And one of the significant things about the Alabama decision is that Alabama has a non-severability clause, which means that once one provision of the workers’ compensation statute was found to be unconstitutional, the entire statute was therefore deemed to be unconstitutional.

And just recently in the last month or so the Alabama State Bar has put together a panel of attorneys of both claimants’ side and the carriers or employers’ side to try to come up with a reasonable solution to their workers’ compensation problem now that their statute has been declared unconstitutional.

The reason that this is important is because this is the first chance at meaningful workers’ compensation reform on the injured workers side in more than a quarter century. So these types of challenges that have been going on in Florida, in Alabama, in Utah, in Pennsylvania, I think we are going to see a lot more of these challenges. And I think the reason that you are seeing these challenges Alan is because the traditional method for labor, for injured workers, to effectuate workers’ compensation change is the legislative process, but that is increasingly across the country becoming dominated by business interests in each state.

It’s a generalization I know, but it seems to be true that where Republicans control all parts of the state government, business interest seems to be ascendant over those of injured workers; not necessarily true, as we are finding out here in New York, but it’s a pretty consistent pattern across the country.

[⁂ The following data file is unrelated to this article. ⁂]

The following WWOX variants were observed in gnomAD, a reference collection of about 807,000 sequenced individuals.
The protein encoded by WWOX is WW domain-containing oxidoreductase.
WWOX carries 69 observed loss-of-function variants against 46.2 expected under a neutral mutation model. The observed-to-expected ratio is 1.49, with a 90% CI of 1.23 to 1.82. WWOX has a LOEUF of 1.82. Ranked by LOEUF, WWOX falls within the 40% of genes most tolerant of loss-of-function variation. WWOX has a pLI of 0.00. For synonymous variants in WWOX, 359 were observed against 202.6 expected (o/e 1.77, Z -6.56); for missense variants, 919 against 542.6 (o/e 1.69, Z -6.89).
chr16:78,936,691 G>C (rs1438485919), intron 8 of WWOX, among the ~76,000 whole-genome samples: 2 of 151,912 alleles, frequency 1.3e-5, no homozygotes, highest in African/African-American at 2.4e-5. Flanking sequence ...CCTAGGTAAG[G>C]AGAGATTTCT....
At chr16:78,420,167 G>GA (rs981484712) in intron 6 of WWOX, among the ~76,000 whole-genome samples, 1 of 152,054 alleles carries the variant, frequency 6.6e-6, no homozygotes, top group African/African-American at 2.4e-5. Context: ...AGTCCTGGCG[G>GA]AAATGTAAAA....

So the traditional avenues for injured workers to try to stop bad changes in workers’ compensation from becoming law is being foreclosed, and so we are going to have to try to come up with new and novel or different arguments or different venues in order to try to regain some adequate level of benefits for injured workers across the country. So that’s really by far the biggest picture item.

Alan Pierce: Yeah. In fact, I think you can add Oklahoma to the list; I think New Mexico in terms of including farm workers or agricultural workers. You are right, we can battle the legislature year in and year out and effectively not get anywhere or not make the progress we used to make; we being those of us who are on the side of the working men and woman, yet the courts, when issues are framed, as you put it, equal protection, due process, there’s an underlying foundation to these constitutional claims, which is in a sense a breach of contract.

You mentioned it earlier during the first part of this program, when you talk about a contract between labor and management, in exchange for losing the tort remedy, you gain the workers’ comp remedy. So when that bargain has been struck and the benefits have been established, then there is a consistent whittling away of those benefits, a take away without a valid reason, other than saving payroll and expense, you reach a period of imbalance. And if the legislature doesn’t respond to it because of the political pressures, you have the courts. That while courts you can argue may be political, I would argue they are less political than a legislature.


So for example, let’s take your regulatory change in New York and let’s assume that your agency reads, but doesn’t pay attention to the comments and they ignore the mandate of the budget process to base their reduction of ranges of motion or impairment rating simply in an arbitrary method without taking into an account medical science and you can’t fight City Hall, so to speak, do you envision that could create a scenario that one might raise a constitutional challenge?